The language of the Family Loan Co. v. Smetal decision, supra, 169 So. 48, 49, was even stronger than that used in the earlier cases. It was there said:

'Whether the holding in the opinion filed on the former appeal is sound or erroneous as a precedent for other cases likely to arise and required to be decided hereafter * * * is immaterial to the present consideration. This is so, because the former opinion has conclusively settled the law of this case in so far as it was duly put in issue for decision upon the assignments and cross-assignments of error then presented. Therefore this court, on the present appeal, is without authority to review or reverse what it has heretofore decided as the law of this case, even if it were so inclined.' (Emphasis added.)

Surprisingly, the Family Loan Company case was decided by this court only a short time after the decision in McGregor v. Provident Trust Co. of Philadelphia, 1935, 119 Fla. 718, 162 So. 323, was handed down. In the McGregor case the court discussed at length the three principles of law--law of the case, res judicata and stare decisis--which are adhered to by this court and courts of other jurisdictions in order to lend stability to judicial decisions and the jurisprudence of the state, as well as to avoid 'piecemeal' appeals and to bring litigation to an end as expeditiously as possible. Respecting the doctrine of 'law of the case', it was said:

'By 'law of the case' is meant the principle that the questions of law decided on appeal to a court of ultimate resort must govern the case in the same court and the trial court, through all subsequent stages of the proceedings, and will seldom be reconsidered or reversed, even though they appear to have been erroneous.' (Emphasis added.)

This particular statement made in the McGregor opinion--which clearly implies authority to reconsider and reverse--has been quoted in the following cases: Higbee v. Housing Authority of Jacksonville, 1940, 143 Fla. 560, 197 So. 479, 482; Lincoln Fire Insurance Co. v. Lilleback, 1938, 130 Fla. 635, 178 So. 394, 397; Leybourne v. Furlong, Fla.App.1964, 161 So.2d 221. See also Walker v. Atlantic Coastline Railroad Co., Fla.App.1960, 121 So.2d 713, following the same rule and citing Lincoln Fire Insurance Co. v. Lilleback, supra, in support thereof.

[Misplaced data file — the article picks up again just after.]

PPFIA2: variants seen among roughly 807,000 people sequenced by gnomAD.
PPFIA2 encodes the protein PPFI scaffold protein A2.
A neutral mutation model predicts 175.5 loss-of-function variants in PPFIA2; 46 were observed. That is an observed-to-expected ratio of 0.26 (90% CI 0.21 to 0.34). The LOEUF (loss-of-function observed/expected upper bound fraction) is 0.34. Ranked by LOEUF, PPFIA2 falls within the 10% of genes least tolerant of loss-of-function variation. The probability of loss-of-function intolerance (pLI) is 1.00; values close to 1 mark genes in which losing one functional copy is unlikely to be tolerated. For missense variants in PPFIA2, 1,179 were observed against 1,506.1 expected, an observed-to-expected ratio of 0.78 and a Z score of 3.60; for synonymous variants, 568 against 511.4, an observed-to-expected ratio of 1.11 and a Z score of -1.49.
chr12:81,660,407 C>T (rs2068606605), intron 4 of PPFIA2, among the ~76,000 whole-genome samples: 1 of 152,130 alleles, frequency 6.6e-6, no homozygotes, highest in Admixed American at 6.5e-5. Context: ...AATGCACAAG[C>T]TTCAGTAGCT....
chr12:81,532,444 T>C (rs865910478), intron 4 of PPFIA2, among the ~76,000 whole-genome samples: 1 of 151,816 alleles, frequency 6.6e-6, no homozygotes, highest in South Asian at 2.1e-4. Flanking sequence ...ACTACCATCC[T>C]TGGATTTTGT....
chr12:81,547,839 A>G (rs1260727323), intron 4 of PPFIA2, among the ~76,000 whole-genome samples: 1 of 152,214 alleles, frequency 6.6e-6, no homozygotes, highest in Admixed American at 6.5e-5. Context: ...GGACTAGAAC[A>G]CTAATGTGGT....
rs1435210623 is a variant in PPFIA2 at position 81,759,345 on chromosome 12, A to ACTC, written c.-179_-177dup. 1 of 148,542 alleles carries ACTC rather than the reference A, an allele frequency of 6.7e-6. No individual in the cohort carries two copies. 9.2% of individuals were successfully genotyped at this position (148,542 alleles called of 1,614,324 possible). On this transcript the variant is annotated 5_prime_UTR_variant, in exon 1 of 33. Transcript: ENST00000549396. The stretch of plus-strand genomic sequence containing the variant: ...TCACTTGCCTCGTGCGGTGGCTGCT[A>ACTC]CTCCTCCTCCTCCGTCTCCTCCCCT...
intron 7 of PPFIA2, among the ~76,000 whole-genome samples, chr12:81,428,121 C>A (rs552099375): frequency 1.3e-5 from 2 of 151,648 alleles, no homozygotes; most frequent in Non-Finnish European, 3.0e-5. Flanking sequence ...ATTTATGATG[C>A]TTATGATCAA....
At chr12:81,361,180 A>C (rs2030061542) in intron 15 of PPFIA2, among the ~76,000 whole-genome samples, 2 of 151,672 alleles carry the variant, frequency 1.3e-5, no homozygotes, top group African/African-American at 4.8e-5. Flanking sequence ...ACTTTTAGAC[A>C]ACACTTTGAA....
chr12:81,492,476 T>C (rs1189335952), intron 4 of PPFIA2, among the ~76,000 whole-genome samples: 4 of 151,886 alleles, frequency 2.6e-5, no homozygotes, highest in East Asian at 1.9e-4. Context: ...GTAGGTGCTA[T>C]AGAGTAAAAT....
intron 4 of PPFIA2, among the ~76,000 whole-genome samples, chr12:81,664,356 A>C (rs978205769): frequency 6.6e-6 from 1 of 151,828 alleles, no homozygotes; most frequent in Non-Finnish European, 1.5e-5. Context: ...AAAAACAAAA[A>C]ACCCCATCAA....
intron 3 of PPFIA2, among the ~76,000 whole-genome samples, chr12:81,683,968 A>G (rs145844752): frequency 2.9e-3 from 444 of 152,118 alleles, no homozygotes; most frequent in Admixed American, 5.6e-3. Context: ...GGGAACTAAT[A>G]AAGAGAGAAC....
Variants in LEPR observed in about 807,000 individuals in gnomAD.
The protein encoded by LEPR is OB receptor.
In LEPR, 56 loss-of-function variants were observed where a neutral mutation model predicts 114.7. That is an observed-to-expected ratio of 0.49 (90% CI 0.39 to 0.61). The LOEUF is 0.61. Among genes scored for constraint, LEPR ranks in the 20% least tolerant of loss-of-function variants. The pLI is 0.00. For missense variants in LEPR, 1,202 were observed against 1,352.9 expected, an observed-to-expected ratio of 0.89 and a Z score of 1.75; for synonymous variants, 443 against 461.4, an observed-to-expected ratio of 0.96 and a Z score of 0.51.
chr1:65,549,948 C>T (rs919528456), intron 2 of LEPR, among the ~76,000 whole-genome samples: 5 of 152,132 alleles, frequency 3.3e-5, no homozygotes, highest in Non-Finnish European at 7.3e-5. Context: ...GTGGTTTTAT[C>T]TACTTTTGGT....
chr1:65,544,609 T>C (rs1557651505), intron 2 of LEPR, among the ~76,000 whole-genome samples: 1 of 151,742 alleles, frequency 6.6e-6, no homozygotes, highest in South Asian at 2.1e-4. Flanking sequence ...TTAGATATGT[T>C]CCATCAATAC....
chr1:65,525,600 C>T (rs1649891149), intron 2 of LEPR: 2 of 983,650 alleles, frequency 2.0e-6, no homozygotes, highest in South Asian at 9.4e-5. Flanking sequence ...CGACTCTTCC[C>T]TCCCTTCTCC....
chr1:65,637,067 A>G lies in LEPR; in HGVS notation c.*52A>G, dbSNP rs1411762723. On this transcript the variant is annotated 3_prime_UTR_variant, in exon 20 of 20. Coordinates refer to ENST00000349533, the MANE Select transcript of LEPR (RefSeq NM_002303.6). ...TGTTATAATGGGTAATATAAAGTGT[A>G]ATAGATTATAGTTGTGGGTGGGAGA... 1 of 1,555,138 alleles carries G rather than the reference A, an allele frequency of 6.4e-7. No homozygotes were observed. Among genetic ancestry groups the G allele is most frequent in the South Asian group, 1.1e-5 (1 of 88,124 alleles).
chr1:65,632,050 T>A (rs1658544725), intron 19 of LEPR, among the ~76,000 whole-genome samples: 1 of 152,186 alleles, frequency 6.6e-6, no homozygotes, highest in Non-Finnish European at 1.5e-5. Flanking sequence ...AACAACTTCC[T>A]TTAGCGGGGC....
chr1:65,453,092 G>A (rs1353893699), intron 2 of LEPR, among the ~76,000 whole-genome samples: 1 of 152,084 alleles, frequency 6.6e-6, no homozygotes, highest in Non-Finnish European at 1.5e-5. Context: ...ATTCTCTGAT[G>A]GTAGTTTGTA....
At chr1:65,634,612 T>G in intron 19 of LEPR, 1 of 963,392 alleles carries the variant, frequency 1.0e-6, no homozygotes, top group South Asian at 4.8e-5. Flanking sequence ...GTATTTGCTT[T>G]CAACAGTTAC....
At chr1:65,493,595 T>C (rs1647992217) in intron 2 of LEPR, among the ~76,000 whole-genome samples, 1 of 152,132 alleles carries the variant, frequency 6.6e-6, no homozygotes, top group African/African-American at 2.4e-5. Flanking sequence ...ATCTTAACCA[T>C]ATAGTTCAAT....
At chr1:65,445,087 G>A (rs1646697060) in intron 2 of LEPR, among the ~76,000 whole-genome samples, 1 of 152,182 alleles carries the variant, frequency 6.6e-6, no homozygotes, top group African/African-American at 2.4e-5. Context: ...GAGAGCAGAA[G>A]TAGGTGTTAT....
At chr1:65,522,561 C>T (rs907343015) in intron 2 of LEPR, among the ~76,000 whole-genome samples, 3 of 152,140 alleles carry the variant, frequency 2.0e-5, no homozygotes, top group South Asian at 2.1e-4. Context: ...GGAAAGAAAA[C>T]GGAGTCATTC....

In 1953 the decision in Beverly Beach Properties v. Nelson, supra, 68 So.2d 604, was rendered. In that case this court stated plainly that

'We may change 'the law of the case' at any time before we lose jurisdiction of a cause and will never hesitate to do so if we become convinced, as we are in this instance, that our original pronouncement of the law was erroneous and such ruling resulted in manifest injustice. In such a situation a court of justice should never adopt a pertinacious attitude.'

There can be no doubt that the Beverly Beach Properties decision and the line of cases following the McGregor decision, supra, are in conflict with the holding in Family Loan Co. v. Smetal, supra, and the line of cases cited above which are in accord with the decision in McKinnon v. Johnson, supra. The Beverly Beach Properties decision, as well as the McGregor and similar decisions, are, howeve, consistent with our decisions respecting the doctrine of res judicata and stare decisis, see Wallace v. Luxmoore, 156 Fla. 725, 24 So.2d 302, and with what appears to be the trend in other courts to recognize that the administration of justice requires some flexibility in the rule. See Johnson v. Cadillac Motor Car Co., 261 F. 878, 8 A.L.R. 1623; Union Light, H. & P. Company v. Blackwell's Adm'r. (Ky.), 291 S.W.2d 539, 87 A.L.R.2d 264; McGovern v. Kraus, 200 Wis. 64, 227 N.W. 300, 305, 67 A.L.R. 1381; Mangold v. Bacon, 237 Mo. 496, 141 S.W. 650, 654; People v. Terry, Cal.1964, 390 P.2d 381; cases collected in the annotation in 87 A.L.R.2d, pp. 299-317.

In view of the apparent conflict, it is clear that the Beverly Beach Properties decision must be held to have impliedly, if not expressly, modified the earlier holding in Family Loan Co. v. Smetal, supra, and similar decisions;...